The Four Repeat Tauopathy Neuroimaging Initiative

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Investigator: Adam Boxer, MD, PhD
Sponsor: NIH National Institute on Aging

Location(s): United States

Description

New drugs that target tau, a neuronal protein that is dysfunctional and accumulates in Alzheimer's disease (AD), corticobasal degeneration (CBD), and progressive supranuclear palsy (PSP), are entering human clinical trials; however, the best methods for assessing whether these drugs are effective have not yet been established. This project will study the four repeat (4R) tauopathies, CBD and PSP, because there are no effective treatments for these disorders and they are more likely to respond to tau-directed therapies than AD. The data generated from this project will allow researchers to design better clinical trials to test the efficacy of new tau-directed drugs in humans.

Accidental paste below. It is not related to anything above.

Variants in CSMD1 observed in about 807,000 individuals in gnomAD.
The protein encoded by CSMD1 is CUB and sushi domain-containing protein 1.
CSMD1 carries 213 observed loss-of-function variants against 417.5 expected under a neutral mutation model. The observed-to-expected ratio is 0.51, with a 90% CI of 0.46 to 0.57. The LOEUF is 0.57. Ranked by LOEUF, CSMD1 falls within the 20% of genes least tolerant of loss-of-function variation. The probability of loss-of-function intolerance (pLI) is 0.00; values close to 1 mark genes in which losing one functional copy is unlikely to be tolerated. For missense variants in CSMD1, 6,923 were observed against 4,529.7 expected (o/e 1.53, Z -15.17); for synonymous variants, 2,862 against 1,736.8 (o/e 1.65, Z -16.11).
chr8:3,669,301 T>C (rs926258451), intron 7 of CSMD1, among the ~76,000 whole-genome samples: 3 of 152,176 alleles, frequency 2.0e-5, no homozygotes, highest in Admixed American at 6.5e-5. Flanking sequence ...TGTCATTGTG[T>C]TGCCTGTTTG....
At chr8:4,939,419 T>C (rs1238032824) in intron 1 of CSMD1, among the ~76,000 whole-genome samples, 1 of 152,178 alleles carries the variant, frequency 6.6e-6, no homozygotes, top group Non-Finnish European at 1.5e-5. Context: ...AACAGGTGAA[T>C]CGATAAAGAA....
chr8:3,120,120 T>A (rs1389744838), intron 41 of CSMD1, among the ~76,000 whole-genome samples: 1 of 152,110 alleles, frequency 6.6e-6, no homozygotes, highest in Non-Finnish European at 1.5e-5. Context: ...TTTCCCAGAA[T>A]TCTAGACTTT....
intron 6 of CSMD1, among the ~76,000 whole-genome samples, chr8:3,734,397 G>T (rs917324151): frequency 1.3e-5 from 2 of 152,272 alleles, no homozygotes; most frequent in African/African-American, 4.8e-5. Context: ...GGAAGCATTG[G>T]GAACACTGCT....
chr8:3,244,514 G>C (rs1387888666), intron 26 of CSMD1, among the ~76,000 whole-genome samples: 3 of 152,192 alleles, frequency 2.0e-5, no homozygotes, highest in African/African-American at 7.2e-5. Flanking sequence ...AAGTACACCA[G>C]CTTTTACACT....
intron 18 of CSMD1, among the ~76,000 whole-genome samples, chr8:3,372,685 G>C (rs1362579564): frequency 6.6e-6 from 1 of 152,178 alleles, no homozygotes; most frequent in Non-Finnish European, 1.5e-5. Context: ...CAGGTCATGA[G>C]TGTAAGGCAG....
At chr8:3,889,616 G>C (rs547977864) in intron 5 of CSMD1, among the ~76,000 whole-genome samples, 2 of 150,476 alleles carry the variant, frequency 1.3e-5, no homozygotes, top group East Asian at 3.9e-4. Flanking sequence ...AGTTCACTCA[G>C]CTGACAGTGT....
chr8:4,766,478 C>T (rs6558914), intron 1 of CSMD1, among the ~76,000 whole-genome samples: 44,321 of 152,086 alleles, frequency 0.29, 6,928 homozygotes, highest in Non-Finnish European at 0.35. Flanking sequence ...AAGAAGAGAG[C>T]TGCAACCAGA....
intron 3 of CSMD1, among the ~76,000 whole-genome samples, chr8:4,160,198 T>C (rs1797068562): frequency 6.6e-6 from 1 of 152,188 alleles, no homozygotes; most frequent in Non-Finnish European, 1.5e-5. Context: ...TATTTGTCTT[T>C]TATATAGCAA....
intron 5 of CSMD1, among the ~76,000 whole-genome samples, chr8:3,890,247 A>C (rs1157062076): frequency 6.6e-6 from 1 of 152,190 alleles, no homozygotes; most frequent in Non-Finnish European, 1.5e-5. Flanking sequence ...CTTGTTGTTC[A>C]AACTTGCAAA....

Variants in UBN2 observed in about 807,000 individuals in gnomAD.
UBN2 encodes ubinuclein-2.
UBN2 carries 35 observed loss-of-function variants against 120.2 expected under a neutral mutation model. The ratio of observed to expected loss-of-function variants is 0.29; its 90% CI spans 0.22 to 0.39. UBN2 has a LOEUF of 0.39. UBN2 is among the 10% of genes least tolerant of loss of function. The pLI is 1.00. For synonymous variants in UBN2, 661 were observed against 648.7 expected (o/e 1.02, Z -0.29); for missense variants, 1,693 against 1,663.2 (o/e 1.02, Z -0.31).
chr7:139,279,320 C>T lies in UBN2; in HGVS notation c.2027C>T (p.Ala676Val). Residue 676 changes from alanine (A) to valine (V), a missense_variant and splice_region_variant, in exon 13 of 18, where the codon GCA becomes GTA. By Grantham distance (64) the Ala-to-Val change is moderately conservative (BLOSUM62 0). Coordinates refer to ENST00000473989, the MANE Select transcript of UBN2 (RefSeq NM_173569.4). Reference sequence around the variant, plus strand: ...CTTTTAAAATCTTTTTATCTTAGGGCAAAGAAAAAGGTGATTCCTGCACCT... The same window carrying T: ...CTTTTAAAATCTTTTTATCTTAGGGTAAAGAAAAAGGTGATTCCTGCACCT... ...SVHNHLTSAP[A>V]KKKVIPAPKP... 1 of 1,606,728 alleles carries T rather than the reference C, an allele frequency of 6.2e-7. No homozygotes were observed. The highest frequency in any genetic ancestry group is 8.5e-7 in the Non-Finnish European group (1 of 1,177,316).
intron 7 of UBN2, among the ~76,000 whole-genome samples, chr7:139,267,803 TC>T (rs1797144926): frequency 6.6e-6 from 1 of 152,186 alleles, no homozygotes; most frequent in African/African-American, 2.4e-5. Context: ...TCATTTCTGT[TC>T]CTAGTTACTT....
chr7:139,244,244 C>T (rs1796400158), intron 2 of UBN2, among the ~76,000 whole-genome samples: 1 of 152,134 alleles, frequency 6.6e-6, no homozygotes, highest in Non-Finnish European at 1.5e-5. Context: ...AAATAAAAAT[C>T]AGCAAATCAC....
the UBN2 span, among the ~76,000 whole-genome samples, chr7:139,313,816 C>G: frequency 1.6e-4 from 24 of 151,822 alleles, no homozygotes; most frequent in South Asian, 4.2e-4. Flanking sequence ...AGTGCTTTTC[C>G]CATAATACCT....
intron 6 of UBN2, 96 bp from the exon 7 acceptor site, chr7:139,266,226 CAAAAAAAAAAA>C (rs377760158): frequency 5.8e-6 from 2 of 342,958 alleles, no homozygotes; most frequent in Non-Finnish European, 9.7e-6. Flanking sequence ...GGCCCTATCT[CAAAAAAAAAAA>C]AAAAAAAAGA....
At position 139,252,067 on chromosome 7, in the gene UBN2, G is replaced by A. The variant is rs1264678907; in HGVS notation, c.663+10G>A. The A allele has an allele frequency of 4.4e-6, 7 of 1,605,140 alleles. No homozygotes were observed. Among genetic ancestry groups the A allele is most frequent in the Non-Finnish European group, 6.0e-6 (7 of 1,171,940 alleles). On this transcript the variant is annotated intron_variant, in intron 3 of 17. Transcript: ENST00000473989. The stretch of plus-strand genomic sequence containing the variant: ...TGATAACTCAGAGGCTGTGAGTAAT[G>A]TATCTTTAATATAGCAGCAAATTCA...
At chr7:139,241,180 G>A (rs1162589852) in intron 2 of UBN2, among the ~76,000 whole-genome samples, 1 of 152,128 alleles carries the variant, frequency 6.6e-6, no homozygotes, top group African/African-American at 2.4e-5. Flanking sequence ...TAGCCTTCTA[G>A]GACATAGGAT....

New treatments that target tau, a neuronal scaffolding protein that accumulates in neurodegenerative diseases, are entering human clinical trials. Increasingly, clinical trials of such tau directed therapies are focusing on pure 4 microtubule binding repeat (4R) tauopathies (4RT) including corticobasal degeneration (CBD) and progressive supranuclear palsy (PSP). We previously designed the 4RT Neuroimaging Initiative (4RTNI) to develop biomarkers of disease progression to support clinical trials of tau directed therapies in 4RT. During the first four and one half years of the project, we exceeded our planned enrollment, developed structural MRI biomarkers of disease progression, and determined that CSF neurofilament light chain (NfL) levels are correlated with disease progression. We validated our findings in a large international clinical trial in PSP that we designed and led. Based on these studies, we identified two major knowledge gaps that must be addressed prior to future trials: 1) a need for better pharmacodynamic biomarkers that can demonstrate the expected biological effects of treatments (including target engagement); and 2) patients need to be diagnosed at earlier stages of disease to give therapies the best chance of demonstrating efficacy. This competitive renewal will address these gaps by taking advantage of three recent scientific advances: the development of the new tau PET ligand 18F AV1451, new diagnostic criteria for an early form of 4RT called oligosymptomatic PSP (oPSP), predicted to allow diagnosis 2-3 years earlier than current criteria, and the recognition of retinal nerve cel damage in PSP. We will focus efforts on characterizing progression of insoluble tau deposition in 4RT, particularly in oPSP cases. We will recruit 55 CBD, 55 PSP and 60 oPSP participants and 60 age- matched controls, and study each for one or two (oPSP, controls) years using clinical rating scales, 18F AV1451 tau PET scans, 3T MRI scans, new non-invasive ophthalmologic neuronal injury assessments and CSF biomarkers. Individuals will undergo longitudinal clinical and MRI evaluations at baseline, 6, 12, and 24 months, with annual PET and CSF measurements, at five leading 4RT research centers (UCSF, UCSD, Harvard, U. Toronto, and U. Pennsylvania) with a strong track record of collaboration and supported by a new rare disease clinical research consortium called Advancing Research and Treatment for Frontotemporal Lobar Degeneration (ARTFL). We aim to: 1) Determine the natural history of brain insoluble tau deposition as measured by 18F AV1451 uptake on PET scans in 4RT as compared to controls. 2) Quantify longitudinal changes in retinal thickness and vertical saccade gain as measured by optical coherence tomography and infrared oculography. 3) Quantify longitudinal changes in CSF NfL levels compared to other fluid biomarkers. 4) Determine the clinical, MR imaging and neuronal injury marker correlates of 18F AV1451 uptake. Achieving these aims would enable us to intervene earlier in the course of 4RT disease and design more rigorous clinical trials of tau lowering drugs. All data will eventually be made available for use y other researchers.